I have been living in Porto for 5 weeks now and had my first insights on the Portuguese culture. There are a lot of habits that people from Porto have, that are very different from the habits we have in the Netherlands. Also there are some typical foods and drinks that you need to have tried when you are visiting Porto.
Porto culture in foods
Francesinha! The food typical for Porto and not any other city in Portugal. And the people from Porto are I think proudest of this one. Francesinha can be made in a lot of different combinations of meat and sauce. The meats that can be on the Francesinha are steak, ham, roasted meats and different kinds of sausages. The whole sandwich is covered in cheese and sometimes topped with a baked egg. On top of all that there is a sauce. All restaurants make this sauce based on beer and tomato, but all have other ingredients that they use as well. Restaurants are reviewed on the meat combination and sauce in order to become the best one. I went to Restaurant Santiago, my Portuguese friend told me that this one is rated as one of the bests in Porto. And an important suggestion when you want to eat it: order it together and share or order just half. It is so solid; you will feel full quickly!
Other foods that are very typical are bacalhau and sardines (and basically any other kind of seafood). Bacalhau is codfish that has bathed in salt water for a couple of days. You can choose yourself how salty you want your fish, based on that they will take out the fish later or earlier. Sardines are typical because they are caught in the sea near Porto, which makes it a local dish. Porto is a real sea city, so in the end basically every kind of seafood is ‘typical’ for Porto.
I also noticed something that is kind of strange to me: every meal is served with rice ánd fries. In a Dutch restaurant it is usually one of these, but here you will always get both.
Next to food there is one particular drink that made Porto most famous I think: Porto wine (in Dutch ‘port’). We all know this drink (I read some article that The Netherlands imports 17% of all port production in Porto 😉 ), although maybe not everyone has tried it or likes it. Actually, before coming here I tried to drink Porto wine, but I really did not like it. When I was here of course I went to do a wine tasting, and I loved it! Next to that I probably tried some of the best Porto wines they have, I also think the environment where you drink is very important. So if you like Porto wine or not, go try some anyway! You might be surprised!
Porto culture in habits
There are some habits that we (I think) all know from the southern countries of Europe: everyone is always late and eating times are very late (at least compared to The Netherlands). Maybe this is not true about every southern country, but it is definitely true for Porto!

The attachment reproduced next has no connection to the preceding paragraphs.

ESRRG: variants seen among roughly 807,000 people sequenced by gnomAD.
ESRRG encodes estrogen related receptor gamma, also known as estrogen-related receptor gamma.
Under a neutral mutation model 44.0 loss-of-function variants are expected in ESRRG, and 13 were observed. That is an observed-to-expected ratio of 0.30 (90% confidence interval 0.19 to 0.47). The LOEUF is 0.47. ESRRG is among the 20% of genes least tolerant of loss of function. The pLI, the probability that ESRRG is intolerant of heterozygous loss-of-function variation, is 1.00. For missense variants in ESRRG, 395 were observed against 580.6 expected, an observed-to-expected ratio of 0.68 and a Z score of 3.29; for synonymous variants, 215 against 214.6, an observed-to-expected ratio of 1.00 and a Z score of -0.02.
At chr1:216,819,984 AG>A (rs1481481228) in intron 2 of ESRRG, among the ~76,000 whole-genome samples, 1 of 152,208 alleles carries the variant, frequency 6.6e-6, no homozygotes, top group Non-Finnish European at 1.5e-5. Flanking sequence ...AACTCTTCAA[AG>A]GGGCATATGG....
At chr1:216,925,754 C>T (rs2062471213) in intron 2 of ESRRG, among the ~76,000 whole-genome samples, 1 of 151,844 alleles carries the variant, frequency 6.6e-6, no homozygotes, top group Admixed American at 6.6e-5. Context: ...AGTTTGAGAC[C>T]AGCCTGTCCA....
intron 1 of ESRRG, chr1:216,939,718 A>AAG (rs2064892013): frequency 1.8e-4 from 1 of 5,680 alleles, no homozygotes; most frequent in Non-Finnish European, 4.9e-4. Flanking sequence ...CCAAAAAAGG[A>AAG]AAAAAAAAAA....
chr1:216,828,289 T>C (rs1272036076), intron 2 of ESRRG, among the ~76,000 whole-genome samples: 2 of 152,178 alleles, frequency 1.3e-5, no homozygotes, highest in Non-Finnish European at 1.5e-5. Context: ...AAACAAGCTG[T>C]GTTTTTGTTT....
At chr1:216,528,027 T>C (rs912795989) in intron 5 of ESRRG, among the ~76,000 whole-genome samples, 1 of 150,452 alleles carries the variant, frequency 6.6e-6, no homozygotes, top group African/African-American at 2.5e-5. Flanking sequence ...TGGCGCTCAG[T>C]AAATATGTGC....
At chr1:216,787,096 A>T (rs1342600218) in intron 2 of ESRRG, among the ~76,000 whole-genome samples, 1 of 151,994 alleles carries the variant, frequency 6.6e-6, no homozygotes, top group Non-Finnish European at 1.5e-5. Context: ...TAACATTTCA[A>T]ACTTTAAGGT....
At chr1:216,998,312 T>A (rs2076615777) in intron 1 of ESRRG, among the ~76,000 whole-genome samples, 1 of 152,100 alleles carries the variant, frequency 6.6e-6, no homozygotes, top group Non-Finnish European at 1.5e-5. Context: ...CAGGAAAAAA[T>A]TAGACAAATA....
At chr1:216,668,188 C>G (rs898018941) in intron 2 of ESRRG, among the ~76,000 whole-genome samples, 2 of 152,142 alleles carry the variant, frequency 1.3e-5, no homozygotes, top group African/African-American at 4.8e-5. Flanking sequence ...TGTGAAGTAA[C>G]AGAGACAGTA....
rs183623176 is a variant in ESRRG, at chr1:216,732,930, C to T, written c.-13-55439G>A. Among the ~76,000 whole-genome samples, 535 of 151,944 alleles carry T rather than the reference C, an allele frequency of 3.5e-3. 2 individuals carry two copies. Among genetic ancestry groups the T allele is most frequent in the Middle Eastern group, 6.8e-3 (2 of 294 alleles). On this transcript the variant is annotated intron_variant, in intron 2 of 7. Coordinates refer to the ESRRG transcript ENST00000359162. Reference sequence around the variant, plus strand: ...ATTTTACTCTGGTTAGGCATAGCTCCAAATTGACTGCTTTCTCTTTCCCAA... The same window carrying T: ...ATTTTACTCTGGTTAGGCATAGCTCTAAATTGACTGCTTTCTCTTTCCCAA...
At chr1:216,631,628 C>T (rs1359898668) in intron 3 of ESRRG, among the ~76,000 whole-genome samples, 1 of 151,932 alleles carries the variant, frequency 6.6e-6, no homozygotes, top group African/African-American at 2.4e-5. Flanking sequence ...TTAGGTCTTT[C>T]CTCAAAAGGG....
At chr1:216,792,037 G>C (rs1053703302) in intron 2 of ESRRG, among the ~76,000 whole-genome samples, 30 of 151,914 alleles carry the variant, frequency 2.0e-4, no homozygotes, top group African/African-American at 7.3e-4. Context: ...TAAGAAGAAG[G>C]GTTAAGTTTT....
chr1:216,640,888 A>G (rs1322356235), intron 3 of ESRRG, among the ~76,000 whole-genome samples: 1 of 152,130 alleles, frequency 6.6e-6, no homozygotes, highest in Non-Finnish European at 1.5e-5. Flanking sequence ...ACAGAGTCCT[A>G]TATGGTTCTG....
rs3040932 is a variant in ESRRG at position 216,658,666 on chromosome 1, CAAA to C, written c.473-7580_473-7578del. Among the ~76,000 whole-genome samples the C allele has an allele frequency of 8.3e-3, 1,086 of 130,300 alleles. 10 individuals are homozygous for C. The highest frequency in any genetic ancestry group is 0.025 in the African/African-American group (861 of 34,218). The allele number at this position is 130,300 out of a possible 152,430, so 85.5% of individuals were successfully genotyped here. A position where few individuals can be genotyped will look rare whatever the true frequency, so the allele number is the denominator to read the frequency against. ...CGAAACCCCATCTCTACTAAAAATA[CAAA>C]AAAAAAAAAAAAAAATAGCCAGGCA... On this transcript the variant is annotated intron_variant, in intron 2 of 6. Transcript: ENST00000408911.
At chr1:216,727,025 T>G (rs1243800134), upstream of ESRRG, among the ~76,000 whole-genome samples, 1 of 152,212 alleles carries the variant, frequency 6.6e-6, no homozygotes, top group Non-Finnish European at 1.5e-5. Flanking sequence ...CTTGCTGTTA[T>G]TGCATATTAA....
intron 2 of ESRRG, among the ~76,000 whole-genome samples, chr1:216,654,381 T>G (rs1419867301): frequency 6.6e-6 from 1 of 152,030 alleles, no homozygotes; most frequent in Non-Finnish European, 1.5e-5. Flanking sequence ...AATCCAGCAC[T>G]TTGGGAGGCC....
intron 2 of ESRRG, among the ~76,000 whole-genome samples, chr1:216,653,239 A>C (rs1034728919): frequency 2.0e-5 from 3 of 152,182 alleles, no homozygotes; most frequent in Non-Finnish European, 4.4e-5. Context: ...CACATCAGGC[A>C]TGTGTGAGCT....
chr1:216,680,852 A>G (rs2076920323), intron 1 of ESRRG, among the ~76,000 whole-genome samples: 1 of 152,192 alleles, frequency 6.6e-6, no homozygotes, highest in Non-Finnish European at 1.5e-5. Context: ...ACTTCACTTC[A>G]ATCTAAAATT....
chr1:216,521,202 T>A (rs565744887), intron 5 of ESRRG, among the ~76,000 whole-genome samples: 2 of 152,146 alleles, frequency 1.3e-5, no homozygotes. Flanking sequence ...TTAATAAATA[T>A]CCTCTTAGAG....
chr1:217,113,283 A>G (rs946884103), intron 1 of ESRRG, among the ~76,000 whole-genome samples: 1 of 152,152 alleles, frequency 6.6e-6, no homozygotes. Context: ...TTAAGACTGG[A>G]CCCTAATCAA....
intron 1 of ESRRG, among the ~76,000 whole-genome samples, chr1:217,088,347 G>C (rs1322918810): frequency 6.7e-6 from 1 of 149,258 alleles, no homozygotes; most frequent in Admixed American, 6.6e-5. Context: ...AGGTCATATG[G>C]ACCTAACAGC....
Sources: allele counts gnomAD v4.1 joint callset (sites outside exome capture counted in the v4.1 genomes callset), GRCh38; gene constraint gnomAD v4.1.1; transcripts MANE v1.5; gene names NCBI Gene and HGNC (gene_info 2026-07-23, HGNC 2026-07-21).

When meeting people, it does not matter if it is for the first time or it is your friends, you kiss twice on the cheeks. Kissing people I do not know and meet for the first time is still kind of strange to me. When meeting friends, I like it that everyone really takes time to say hello to each other.
Something I do not like so much is the habit of Portuguese people on the sidewalk. It seems to me that they always think they are the only ones that are using the sidewalk. Of course not every Portuguese behaves like this, but I did notice that most do. When you cross someone, they will not step aside until the last moment or just wait for you to step aside. When you walk behind multiple people that walk next to each other, but you can not pass, they will not step aside. Even when they see that you walk behind them, they seem to think that is your problem to solve, not theirs.
The good thing about the the sidewalks is that they are always very clean. A lot of sidewalks are broken up and never fixed, but if they are good, they are also clean. Apparently the government cleans it very well. I do not know how often, but sometimes I see men walking around to sweeping the rubbish and cleaning the sidewalk with a hose even outside tourist areas.
As I wrote about how Portuguese people are always so nice and helpful (link), I found out that there is a big difference between young and older people. It seems that the older the people are, the more ‘closed’ they are. So when you want to ask something, try to find someone more young 😉
The no-heating culture
Also, I found an answer to my question in my first blog about why there is no heating in Portuguese houses after asking an architect: a time long ago, when most of the houses were build, the people were poor and they did not really need it because the climate was different: the winters were not as cold as they are now. Now it is cold in winter, and that is also why in the new houses heating is build in.
- To find the best Francesinha without having to try them all: http://catavino.net/best-francesinha-in-portugal/
- To know about Portuguese traditions when eating, talking and getting to know more about socializing in their culture: http://www.learn-portuguese-with-rafa.com/portuguese-traditions.html